People in the area had named it Rosa Moceniga, because that was Lucia’s married name – the Mocenigos are my ancestors. So I went to see the rose in the woods, and the people there gave me a small plant and I took it back home and planted it in my garden in Venice.  It grew very well on its own, despite the bitter cold in the winter and the salty air and it took over the garden and it forced me to focus on this rose and I became more and more intrigued about this rose’s history.  It looked to be a Chinese rose of some kind.  Chasing the Rose is really the story of my journey into the world of old roses searching for the identity of this particular rose… I gave myself a late education in roses…Along the way I met fascinating people who knew a lot about roses and I went to Paris and finally I solved the mystery.  And now the rose is officially recognized as the Moceniga Rose.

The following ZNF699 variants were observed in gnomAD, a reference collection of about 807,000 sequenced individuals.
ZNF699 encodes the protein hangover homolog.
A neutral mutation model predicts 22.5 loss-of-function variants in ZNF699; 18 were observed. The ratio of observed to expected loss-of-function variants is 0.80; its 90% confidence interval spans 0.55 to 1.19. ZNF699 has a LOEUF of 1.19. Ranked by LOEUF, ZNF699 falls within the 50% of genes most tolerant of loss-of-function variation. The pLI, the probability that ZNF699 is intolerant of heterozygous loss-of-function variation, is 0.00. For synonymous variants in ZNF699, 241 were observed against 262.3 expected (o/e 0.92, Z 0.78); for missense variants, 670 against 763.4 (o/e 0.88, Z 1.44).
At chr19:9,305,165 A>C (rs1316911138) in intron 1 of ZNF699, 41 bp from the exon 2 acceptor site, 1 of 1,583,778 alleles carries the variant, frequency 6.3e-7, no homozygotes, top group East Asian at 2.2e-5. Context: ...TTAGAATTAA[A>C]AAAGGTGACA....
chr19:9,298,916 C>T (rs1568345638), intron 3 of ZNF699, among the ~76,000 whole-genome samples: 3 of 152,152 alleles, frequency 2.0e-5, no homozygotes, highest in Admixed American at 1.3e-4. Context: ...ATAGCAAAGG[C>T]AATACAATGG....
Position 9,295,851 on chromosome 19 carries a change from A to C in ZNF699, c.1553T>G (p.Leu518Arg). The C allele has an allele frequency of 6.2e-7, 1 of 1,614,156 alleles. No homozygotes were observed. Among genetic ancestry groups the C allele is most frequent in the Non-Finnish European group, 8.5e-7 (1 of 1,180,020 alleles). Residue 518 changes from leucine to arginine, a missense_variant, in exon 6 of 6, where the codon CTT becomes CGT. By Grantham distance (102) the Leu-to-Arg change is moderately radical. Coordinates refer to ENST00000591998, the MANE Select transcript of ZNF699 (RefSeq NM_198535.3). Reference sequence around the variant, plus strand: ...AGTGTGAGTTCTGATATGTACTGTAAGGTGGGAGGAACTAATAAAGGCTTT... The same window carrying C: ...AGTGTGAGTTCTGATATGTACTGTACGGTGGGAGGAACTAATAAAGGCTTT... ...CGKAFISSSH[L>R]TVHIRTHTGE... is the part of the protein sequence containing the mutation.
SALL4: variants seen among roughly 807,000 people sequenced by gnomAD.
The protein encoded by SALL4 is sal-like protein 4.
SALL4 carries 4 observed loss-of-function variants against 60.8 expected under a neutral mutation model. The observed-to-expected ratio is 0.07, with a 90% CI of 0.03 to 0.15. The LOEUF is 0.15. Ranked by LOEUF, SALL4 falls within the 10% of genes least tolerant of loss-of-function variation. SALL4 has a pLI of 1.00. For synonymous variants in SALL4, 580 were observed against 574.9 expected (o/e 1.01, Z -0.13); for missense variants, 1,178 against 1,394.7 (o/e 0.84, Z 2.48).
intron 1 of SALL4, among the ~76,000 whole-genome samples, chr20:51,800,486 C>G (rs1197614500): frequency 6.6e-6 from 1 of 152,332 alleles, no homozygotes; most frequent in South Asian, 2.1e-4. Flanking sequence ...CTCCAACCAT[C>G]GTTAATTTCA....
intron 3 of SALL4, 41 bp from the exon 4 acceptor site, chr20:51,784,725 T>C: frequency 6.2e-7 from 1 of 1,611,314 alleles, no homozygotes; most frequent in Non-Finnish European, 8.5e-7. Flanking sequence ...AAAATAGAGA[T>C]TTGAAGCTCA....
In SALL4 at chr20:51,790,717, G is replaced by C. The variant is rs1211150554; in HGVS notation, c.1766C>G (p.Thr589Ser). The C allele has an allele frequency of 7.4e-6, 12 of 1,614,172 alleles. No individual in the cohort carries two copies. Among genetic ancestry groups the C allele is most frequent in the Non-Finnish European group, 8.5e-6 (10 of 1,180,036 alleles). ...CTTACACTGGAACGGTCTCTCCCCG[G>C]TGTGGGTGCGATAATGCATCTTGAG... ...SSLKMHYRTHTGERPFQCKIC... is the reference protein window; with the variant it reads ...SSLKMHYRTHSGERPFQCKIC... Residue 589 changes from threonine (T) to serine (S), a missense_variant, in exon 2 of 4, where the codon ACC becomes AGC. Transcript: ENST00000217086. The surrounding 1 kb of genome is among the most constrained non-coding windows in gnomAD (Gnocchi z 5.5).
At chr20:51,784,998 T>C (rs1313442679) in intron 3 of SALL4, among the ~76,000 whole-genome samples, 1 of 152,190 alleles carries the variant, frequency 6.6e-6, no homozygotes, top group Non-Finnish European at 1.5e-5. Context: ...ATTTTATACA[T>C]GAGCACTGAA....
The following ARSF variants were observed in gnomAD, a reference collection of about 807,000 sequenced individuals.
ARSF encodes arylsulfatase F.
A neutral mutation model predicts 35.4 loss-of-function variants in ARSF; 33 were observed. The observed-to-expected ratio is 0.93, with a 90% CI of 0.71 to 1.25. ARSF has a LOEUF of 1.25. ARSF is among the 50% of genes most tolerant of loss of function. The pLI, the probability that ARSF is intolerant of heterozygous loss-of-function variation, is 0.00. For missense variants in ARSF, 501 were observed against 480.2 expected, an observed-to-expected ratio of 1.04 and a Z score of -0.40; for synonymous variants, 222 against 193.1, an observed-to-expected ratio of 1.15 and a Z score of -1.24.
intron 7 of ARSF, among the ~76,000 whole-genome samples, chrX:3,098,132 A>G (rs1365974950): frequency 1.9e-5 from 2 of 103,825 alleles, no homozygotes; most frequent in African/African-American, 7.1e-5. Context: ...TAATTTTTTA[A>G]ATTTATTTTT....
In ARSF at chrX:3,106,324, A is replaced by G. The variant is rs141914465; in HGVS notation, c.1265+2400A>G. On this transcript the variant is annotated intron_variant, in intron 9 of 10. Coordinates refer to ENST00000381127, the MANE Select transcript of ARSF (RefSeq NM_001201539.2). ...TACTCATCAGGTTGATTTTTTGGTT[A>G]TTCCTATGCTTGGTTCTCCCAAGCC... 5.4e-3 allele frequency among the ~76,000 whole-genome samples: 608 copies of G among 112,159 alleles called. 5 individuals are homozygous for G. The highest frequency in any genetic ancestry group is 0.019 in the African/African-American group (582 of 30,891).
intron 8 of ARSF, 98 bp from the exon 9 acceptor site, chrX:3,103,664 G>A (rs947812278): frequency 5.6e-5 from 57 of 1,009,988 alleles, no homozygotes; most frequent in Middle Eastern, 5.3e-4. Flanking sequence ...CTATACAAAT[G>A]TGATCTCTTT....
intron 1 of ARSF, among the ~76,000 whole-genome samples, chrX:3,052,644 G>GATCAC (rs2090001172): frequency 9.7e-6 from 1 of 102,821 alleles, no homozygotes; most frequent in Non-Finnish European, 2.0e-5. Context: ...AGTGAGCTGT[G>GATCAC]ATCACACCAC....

Readers wrote to me suggesting I should make a perfume from this rose. It was a cool idea but I knew nothing about perfumes so I let it go.  Then, one day, I went to see the Perfume Museum in Venice, which is a new museum in an old Palazzo Mocenigo which had long ago belonged to my family.  I found the museum fascinating, it was really well done and I thought to myself – if I ever do a perfume, I want to do it with the people who set up this museum.  I asked mutual friends to arrange a meeting between me and the head of the company, The Merchant of Venice, which makes wonderful perfumes.  They go back four generations in Venice.  I told the head of the company that I’d written a book about a rose and they  happened to have a perfume museum in a Palazzo that had the same name as my rose – Moceniga. They thought it over and then they called me a few weeks later and said it was a great idea. Within a year, they had produced the fragrance in a beautiful Murano glass.  In fact, it’s been so successful that Rosa Moceniga is their best selling perfume today. During the Pandemic we produced a Rosa Moceniga hand sanitizing gel that became very popular…!